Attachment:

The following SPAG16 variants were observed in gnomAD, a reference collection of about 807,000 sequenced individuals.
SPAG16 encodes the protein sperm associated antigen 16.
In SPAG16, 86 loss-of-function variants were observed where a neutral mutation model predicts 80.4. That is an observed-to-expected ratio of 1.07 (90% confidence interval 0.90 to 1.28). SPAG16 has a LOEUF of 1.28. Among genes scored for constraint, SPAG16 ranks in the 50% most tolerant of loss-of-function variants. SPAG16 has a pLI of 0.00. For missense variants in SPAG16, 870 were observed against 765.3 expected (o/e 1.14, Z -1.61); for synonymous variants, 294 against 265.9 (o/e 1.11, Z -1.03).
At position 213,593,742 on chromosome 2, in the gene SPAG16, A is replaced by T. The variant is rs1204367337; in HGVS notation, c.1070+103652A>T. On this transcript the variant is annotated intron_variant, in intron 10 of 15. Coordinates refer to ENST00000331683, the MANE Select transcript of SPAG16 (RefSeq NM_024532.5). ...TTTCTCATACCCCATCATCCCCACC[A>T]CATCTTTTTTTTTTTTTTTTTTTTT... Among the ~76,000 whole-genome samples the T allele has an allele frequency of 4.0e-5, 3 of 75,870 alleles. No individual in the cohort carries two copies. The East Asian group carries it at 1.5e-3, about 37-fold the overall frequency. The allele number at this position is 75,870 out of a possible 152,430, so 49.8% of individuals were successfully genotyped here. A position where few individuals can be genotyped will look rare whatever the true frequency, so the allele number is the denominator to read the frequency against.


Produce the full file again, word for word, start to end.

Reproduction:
The following SPAG16 variants were observed in gnomAD, a reference collection of about 807,000 sequenced individuals.
SPAG16 encodes the protein sperm associated antigen 16.
In SPAG16, 86 loss-of-function variants were observed where a neutral mutation model predicts 80.4. That is an observed-to-expected ratio of 1.07 (90% confidence interval 0.90 to 1.28). SPAG16 has a LOEUF of 1.28. Among genes scored for constraint, SPAG16 ranks in the 50% most tolerant of loss-of-function variants. SPAG16 has a pLI of 0.00. For missense variants in SPAG16, 870 were observed against 765.3 expected (o/e 1.14, Z -1.61); for synonymous variants, 294 against 265.9 (o/e 1.11, Z -1.03).
At position 213,593,742 on chromosome 2, in the gene SPAG16, A is replaced by T. The variant is rs1204367337; in HGVS notation, c.1070+103652A>T. On this transcript the variant is annotated intron_variant, in intron 10 of 15. Coordinates refer to ENST00000331683, the MANE Select transcript of SPAG16 (RefSeq NM_024532.5). ...TTTCTCATACCCCATCATCCCCACC[A>T]CATCTTTTTTTTTTTTTTTTTTTTT... Among the ~76,000 whole-genome samples the T allele has an allele frequency of 4.0e-5, 3 of 75,870 alleles. No individual in the cohort carries two copies. The East Asian group carries it at 1.5e-3, about 37-fold the overall frequency. The allele number at this position is 75,870 out of a possible 152,430, so 49.8% of individuals were successfully genotyped here. A position where few individuals can be genotyped will look rare whatever the true frequency, so the allele number is the denominator to read the frequency against.